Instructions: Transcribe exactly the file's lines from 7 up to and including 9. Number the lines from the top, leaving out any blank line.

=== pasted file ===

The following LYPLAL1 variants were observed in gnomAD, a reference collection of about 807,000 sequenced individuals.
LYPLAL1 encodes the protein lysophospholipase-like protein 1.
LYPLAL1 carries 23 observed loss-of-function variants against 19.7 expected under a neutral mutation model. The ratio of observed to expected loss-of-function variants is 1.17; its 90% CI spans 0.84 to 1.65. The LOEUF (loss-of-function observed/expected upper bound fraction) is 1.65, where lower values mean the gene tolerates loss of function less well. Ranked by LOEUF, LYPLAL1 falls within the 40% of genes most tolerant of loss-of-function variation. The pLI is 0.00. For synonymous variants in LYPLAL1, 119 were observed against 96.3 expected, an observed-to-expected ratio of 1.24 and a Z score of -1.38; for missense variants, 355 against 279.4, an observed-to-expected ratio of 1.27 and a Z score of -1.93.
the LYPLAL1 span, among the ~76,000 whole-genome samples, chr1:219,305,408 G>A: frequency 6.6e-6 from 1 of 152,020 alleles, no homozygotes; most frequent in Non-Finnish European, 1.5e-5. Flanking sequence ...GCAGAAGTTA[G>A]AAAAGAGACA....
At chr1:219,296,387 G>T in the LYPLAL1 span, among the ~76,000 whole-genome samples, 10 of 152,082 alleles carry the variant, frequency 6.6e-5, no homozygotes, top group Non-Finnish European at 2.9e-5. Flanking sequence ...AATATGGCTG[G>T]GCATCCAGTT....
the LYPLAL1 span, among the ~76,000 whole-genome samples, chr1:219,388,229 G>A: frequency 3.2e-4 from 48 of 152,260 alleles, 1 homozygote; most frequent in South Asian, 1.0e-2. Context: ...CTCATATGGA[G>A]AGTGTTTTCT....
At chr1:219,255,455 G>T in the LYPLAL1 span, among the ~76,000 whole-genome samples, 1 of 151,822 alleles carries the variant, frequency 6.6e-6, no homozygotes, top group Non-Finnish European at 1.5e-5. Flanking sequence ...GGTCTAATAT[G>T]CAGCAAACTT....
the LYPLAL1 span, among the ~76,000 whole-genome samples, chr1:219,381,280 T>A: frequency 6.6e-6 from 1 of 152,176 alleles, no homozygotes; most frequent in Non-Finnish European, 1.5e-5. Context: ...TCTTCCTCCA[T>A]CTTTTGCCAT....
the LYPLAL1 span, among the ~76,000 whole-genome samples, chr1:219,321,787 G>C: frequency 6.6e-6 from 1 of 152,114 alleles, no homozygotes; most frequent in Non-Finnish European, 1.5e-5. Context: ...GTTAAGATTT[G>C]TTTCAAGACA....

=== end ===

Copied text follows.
At chr1:219,255,455 G>T in the LYPLAL1 span, among the ~76,000 whole-genome samples, 1 of 151,822 alleles carries the variant, frequency 6.6e-6, no homozygotes, top group Non-Finnish European at 1.5e-5. Flanking sequence ...GGTCTAATAT[G>T]CAGCAAACTT....
the LYPLAL1 span, among the ~76,000 whole-genome samples, chr1:219,381,280 T>A: frequency 6.6e-6 from 1 of 152,176 alleles, no homozygotes; most frequent in Non-Finnish European, 1.5e-5. Context: ...TCTTCCTCCA[T>A]CTTTTGCCAT....
the LYPLAL1 span, among the ~76,000 whole-genome samples, chr1:219,321,787 G>C: frequency 6.6e-6 from 1 of 152,114 alleles, no homozygotes; most frequent in Non-Finnish European, 1.5e-5. Context: ...GTTAAGATTT[G>C]TTTCAAGACA....